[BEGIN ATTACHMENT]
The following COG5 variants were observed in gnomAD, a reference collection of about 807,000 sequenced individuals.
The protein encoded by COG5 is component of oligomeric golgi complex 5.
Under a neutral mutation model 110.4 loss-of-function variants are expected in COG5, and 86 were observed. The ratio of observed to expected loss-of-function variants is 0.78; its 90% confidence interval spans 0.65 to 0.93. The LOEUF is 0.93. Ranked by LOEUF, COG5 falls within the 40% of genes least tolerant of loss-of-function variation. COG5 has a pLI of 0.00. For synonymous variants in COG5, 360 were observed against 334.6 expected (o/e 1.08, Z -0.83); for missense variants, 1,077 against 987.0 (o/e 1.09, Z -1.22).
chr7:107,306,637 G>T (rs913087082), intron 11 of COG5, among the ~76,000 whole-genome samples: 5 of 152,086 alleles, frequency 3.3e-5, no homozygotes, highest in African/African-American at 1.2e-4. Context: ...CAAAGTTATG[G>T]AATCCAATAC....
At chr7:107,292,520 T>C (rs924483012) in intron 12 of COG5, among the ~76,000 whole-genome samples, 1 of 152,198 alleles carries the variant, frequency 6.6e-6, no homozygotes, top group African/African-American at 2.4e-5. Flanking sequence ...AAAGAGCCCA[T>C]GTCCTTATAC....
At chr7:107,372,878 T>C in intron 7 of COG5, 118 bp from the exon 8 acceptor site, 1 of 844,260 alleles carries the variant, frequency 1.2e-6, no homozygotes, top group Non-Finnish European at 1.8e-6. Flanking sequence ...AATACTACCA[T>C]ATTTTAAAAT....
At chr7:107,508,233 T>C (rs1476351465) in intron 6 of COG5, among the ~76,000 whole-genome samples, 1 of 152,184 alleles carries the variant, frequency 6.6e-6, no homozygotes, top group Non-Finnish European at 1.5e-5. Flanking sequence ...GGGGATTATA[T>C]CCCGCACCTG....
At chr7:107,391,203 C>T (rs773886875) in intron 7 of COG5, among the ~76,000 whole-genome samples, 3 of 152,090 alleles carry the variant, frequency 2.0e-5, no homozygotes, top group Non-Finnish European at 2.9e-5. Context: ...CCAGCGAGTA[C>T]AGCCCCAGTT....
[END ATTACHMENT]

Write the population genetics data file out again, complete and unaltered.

The following COG5 variants were observed in gnomAD, a reference collection of about 807,000 sequenced individuals.
The protein encoded by COG5 is component of oligomeric golgi complex 5.
Under a neutral mutation model 110.4 loss-of-function variants are expected in COG5, and 86 were observed. The ratio of observed to expected loss-of-function variants is 0.78; its 90% confidence interval spans 0.65 to 0.93. The LOEUF is 0.93. Ranked by LOEUF, COG5 falls within the 40% of genes least tolerant of loss-of-function variation. COG5 has a pLI of 0.00. For synonymous variants in COG5, 360 were observed against 334.6 expected (o/e 1.08, Z -0.83); for missense variants, 1,077 against 987.0 (o/e 1.09, Z -1.22).
chr7:107,306,637 G>T (rs913087082), intron 11 of COG5, among the ~76,000 whole-genome samples: 5 of 152,086 alleles, frequency 3.3e-5, no homozygotes, highest in African/African-American at 1.2e-4. Context: ...CAAAGTTATG[G>T]AATCCAATAC....
At chr7:107,292,520 T>C (rs924483012) in intron 12 of COG5, among the ~76,000 whole-genome samples, 1 of 152,198 alleles carries the variant, frequency 6.6e-6, no homozygotes, top group African/African-American at 2.4e-5. Flanking sequence ...AAAGAGCCCA[T>C]GTCCTTATAC....
At chr7:107,372,878 T>C in intron 7 of COG5, 118 bp from the exon 8 acceptor site, 1 of 844,260 alleles carries the variant, frequency 1.2e-6, no homozygotes, top group Non-Finnish European at 1.8e-6. Flanking sequence ...AATACTACCA[T>C]ATTTTAAAAT....
At chr7:107,508,233 T>C (rs1476351465) in intron 6 of COG5, among the ~76,000 whole-genome samples, 1 of 152,184 alleles carries the variant, frequency 6.6e-6, no homozygotes, top group Non-Finnish European at 1.5e-5. Flanking sequence ...GGGGATTATA[T>C]CCCGCACCTG....
At chr7:107,391,203 C>T (rs773886875) in intron 7 of COG5, among the ~76,000 whole-genome samples, 3 of 152,090 alleles carry the variant, frequency 2.0e-5, no homozygotes, top group Non-Finnish European at 2.9e-5. Context: ...CCAGCGAGTA[C>T]AGCCCCAGTT....